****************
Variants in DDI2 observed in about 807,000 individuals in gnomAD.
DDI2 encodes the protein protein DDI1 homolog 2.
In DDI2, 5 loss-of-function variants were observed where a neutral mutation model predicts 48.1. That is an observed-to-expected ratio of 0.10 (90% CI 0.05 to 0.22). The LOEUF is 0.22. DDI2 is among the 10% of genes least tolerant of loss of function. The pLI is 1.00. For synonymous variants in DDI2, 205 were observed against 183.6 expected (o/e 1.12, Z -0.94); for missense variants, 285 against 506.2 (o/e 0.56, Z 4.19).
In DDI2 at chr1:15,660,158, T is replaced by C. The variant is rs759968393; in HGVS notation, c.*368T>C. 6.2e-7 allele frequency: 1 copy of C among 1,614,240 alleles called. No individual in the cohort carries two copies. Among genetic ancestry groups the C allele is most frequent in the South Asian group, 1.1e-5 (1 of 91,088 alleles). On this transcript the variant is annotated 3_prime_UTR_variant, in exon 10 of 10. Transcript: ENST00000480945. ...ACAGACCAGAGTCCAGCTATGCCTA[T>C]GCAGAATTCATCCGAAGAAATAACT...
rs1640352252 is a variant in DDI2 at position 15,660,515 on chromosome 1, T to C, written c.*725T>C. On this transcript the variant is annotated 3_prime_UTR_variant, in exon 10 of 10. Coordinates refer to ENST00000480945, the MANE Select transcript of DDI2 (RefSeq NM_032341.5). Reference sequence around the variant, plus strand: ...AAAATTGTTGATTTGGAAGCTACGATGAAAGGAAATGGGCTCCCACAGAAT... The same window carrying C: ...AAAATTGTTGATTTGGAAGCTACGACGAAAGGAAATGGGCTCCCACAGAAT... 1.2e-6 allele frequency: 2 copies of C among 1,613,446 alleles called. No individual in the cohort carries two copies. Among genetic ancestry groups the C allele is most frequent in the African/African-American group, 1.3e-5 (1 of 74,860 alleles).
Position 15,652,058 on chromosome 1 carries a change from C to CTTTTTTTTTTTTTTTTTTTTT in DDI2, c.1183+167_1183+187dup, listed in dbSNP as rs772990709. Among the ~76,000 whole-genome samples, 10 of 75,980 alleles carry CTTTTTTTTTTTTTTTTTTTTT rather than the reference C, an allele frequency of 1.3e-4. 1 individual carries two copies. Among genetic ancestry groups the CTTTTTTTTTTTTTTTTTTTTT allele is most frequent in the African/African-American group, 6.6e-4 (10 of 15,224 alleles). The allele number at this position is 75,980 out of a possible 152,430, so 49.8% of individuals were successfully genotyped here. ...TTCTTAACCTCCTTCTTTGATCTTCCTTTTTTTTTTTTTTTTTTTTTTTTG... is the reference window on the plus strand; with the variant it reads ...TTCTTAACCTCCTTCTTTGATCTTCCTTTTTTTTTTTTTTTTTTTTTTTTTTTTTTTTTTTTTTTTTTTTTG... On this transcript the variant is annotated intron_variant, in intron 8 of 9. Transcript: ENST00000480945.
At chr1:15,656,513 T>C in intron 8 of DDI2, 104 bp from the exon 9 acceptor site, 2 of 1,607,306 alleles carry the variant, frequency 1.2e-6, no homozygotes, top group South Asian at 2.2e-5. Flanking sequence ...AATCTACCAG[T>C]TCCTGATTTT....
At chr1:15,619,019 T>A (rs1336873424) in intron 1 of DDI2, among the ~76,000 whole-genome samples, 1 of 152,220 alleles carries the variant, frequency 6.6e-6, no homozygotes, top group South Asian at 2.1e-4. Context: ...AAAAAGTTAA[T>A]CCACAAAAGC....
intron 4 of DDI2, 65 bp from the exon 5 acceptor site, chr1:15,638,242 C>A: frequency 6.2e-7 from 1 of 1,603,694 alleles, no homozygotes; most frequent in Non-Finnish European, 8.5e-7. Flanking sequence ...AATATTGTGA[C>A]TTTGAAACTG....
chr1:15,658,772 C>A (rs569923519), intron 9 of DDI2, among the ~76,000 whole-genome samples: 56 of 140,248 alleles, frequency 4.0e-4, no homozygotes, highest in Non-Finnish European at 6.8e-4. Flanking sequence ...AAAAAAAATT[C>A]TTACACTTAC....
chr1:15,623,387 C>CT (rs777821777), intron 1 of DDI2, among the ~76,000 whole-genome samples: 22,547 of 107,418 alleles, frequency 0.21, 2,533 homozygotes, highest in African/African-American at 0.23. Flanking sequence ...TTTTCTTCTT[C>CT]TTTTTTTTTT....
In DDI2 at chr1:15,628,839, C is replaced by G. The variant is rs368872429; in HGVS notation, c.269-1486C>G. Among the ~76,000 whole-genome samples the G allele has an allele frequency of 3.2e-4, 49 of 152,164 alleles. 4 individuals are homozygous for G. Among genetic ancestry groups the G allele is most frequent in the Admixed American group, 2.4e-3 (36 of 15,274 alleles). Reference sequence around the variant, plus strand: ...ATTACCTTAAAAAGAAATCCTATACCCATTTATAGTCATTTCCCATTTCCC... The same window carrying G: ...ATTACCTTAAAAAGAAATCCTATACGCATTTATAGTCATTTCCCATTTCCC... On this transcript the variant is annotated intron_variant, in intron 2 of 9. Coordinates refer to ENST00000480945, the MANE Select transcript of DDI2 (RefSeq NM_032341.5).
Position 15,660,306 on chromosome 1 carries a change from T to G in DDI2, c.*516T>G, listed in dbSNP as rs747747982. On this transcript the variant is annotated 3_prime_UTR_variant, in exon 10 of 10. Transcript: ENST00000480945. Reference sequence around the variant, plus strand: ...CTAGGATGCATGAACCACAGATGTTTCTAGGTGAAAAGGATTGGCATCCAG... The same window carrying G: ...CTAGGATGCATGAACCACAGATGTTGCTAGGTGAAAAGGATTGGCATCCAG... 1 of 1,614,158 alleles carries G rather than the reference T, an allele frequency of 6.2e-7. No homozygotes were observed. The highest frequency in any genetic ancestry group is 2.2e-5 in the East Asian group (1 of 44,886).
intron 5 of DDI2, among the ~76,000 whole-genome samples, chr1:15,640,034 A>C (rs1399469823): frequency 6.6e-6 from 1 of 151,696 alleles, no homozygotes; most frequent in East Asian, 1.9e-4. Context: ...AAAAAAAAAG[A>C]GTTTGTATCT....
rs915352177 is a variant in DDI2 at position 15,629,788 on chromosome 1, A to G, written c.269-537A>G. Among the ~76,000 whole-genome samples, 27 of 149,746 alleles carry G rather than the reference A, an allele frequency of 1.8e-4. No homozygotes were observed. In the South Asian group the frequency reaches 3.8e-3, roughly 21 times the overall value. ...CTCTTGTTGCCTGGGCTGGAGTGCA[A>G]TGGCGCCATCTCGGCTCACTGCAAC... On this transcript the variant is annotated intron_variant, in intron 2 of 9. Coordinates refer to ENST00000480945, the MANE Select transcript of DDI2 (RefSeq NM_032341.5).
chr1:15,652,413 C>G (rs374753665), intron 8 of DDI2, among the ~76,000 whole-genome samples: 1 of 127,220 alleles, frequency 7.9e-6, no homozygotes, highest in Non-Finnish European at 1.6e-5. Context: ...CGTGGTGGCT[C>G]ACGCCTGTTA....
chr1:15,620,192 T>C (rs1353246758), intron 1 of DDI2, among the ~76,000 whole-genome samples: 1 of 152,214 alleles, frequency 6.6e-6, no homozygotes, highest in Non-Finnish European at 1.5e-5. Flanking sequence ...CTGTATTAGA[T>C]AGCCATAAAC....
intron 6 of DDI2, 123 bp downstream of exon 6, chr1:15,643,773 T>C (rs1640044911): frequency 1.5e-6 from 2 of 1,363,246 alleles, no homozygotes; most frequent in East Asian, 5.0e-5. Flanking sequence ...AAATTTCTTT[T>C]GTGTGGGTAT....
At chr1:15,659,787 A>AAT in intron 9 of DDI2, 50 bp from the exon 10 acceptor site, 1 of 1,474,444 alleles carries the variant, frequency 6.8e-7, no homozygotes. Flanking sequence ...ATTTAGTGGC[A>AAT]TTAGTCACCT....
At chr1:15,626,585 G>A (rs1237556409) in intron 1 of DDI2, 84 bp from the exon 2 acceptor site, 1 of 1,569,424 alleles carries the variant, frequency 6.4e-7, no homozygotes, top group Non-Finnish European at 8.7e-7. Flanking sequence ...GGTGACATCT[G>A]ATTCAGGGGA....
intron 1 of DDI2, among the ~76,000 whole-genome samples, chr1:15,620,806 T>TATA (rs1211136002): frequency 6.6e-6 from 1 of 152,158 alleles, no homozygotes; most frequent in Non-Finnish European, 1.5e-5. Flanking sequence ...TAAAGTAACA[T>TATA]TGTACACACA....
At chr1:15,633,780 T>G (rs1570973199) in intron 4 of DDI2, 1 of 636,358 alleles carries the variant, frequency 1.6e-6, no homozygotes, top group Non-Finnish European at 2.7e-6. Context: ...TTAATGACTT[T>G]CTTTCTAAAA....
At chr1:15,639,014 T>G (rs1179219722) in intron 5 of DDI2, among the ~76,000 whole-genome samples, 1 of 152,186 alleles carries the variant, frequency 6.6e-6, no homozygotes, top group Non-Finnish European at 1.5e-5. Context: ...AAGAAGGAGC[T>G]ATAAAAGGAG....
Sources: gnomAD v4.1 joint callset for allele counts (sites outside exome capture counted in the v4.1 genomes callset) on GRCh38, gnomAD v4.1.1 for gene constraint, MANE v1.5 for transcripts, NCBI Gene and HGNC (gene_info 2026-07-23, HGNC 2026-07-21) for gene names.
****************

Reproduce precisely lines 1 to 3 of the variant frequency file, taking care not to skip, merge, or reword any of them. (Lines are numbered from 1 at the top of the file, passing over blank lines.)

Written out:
Variants in DDI2 observed in about 807,000 individuals in gnomAD.
DDI2 encodes the protein protein DDI1 homolog 2.
In DDI2, 5 loss-of-function variants were observed where a neutral mutation model predicts 48.1. That is an observed-to-expected ratio of 0.10 (90% CI 0.05 to 0.22). The LOEUF is 0.22. DDI2 is among the 10% of genes least tolerant of loss of function. The pLI is 1.00. For synonymous variants in DDI2, 205 were observed against 183.6 expected (o/e 1.12, Z -0.94); for missense variants, 285 against 506.2 (o/e 0.56, Z 4.19).